How the Elgin Marbles Spent World War II Hidden Underground

During the First World War attacks on England from the air came in the form of Zeppelin raids during 1914 and 1915 and, by 1917, twin engine Gotha bombers. On one day in mid June of 1918, eighteen Gothas attacked London in broad daylight and caused 162 deaths, so it can be of no surprise that aerial bombardment quickly became a real concern for the nation.

As the British public began to seek underground shelter, arrangements were also made by British museums and galleries to move some of their most valuable artefacts out of the danger zone.

Items from the British Museum were moved to the National Library of Wales, underground strongrooms in Bloomsbury, and into the unfinished Post Office Underground Railway at Holborn. The GPO tube also offered shelter to artefacts from the Tate Gallery and the National Portrait Gallery.

At the end of the war these artefacts were returned to their rightful homes, but the threat to the nation’s museums and galleries was not forgotten.

In July 1933—just five months after Hitler was elected Chancellor of Germany—discussions were being held as to what should be done to protect the nation’s treasures should war break out again.

The task fell to the Museums and Galleries Air Raid Precaution Committee. They began by drawing up a list of fifty country houses that could safely accommodate a large volume of evacuated works and by the end of 1934 had an agreement in place with the London Passenger Transport Board to make use of disused tube tunnels.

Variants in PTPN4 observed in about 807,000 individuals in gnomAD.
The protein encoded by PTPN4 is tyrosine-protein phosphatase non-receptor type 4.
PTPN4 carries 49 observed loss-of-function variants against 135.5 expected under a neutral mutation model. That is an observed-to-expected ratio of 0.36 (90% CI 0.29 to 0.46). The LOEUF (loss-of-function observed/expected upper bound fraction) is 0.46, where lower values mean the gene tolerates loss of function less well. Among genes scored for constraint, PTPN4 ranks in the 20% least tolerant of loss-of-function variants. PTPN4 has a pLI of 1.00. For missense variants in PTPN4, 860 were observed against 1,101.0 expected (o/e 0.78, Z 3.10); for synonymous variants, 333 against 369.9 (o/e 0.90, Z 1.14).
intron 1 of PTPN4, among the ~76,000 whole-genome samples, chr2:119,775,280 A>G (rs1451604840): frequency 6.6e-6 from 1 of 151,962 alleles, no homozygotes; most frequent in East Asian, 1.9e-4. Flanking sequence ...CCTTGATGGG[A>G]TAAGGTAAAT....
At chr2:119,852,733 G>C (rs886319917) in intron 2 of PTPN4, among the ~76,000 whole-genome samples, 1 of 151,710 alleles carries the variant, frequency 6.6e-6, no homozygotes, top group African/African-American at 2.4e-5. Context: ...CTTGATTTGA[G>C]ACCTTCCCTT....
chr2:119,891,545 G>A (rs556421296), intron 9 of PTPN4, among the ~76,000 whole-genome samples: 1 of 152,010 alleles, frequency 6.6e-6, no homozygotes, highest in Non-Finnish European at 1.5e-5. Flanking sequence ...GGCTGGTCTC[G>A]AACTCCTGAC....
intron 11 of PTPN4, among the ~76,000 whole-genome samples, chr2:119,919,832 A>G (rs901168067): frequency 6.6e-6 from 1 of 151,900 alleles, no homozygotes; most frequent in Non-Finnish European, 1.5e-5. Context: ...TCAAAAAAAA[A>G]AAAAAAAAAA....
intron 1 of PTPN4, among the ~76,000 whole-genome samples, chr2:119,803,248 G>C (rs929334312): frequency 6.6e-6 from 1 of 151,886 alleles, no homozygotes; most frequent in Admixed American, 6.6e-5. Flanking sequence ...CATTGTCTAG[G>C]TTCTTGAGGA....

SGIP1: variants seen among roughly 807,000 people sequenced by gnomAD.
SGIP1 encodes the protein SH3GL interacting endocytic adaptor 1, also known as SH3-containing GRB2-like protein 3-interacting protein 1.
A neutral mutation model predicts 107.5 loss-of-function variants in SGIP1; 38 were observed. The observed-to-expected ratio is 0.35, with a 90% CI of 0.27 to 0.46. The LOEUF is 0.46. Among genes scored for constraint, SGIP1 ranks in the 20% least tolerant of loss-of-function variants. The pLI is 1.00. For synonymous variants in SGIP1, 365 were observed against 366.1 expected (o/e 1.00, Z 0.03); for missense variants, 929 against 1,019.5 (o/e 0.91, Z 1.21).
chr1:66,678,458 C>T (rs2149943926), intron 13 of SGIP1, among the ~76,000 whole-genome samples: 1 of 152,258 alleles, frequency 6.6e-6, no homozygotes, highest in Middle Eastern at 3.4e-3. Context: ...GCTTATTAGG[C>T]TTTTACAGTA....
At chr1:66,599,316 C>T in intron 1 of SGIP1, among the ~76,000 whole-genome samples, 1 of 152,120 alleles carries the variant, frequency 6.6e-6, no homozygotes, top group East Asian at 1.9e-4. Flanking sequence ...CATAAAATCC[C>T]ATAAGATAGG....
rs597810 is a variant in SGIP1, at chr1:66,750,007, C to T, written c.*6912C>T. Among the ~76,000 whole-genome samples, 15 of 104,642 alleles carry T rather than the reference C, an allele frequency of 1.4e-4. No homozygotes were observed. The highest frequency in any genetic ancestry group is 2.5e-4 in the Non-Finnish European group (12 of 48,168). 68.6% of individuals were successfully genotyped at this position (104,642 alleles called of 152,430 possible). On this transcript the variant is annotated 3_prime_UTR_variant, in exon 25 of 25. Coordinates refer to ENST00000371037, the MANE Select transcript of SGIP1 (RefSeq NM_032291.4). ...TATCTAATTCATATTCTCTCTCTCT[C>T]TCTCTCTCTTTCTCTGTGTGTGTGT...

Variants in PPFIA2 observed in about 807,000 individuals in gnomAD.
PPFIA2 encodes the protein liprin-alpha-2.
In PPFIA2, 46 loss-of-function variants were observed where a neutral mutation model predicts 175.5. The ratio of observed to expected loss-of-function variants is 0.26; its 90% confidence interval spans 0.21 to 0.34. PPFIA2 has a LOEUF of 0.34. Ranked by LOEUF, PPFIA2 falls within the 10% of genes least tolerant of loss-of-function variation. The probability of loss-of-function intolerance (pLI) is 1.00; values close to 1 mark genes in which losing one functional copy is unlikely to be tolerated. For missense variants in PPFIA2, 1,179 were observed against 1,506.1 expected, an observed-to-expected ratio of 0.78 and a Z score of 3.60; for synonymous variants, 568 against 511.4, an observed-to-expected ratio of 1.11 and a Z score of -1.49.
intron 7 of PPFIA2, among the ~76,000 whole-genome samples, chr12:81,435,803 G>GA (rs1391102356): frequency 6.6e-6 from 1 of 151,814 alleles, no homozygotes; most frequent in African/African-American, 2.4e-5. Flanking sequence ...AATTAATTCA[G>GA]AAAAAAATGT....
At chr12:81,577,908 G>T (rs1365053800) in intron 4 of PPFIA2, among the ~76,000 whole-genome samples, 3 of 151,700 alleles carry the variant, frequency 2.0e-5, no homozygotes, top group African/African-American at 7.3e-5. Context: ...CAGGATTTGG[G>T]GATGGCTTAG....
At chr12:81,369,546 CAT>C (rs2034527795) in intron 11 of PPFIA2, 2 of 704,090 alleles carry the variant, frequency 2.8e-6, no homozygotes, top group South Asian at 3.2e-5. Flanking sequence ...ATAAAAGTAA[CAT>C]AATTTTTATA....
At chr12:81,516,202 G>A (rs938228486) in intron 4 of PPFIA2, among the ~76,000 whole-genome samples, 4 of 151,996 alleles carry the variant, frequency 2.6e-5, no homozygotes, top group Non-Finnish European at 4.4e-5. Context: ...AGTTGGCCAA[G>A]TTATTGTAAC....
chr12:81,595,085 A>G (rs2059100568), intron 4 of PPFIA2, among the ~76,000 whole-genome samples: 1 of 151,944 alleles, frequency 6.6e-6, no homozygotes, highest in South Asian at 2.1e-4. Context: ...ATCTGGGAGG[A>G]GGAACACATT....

Aldwych Underground Station opened as Strand Station in 1907, but saw such low passenger numbers that it was considered for closure in 1929, and again in 1933. With the start of the Blitz in September 1940, the station was closed and partly fitted out as an air-raid shelter.

It wasn’t just the people of London who took shelter down in the tube. Just as in the First World War, the London Underground would play a vital role in keeping the nation’s valuables safe during wartime.

On Friday 2nd September 1948 two lorries carried 100 tonnes of Elgin Marbles to Lillie Bridge depot in Kensington. From there the Marbles were transported by railway wagon to a disused tunnel at Aldwych.


How protected the Marbles, and the members of the public, actually were down in the station is debatable (direct hits to stations in Balham in 1940 and Bank in 1941 resulted in hundreds of deaths).

In 1941 Sir John Forsdyke (Director and Principal Librarian of the British Museum) complained to the Treasury about the poor conditions to be found down in Tube: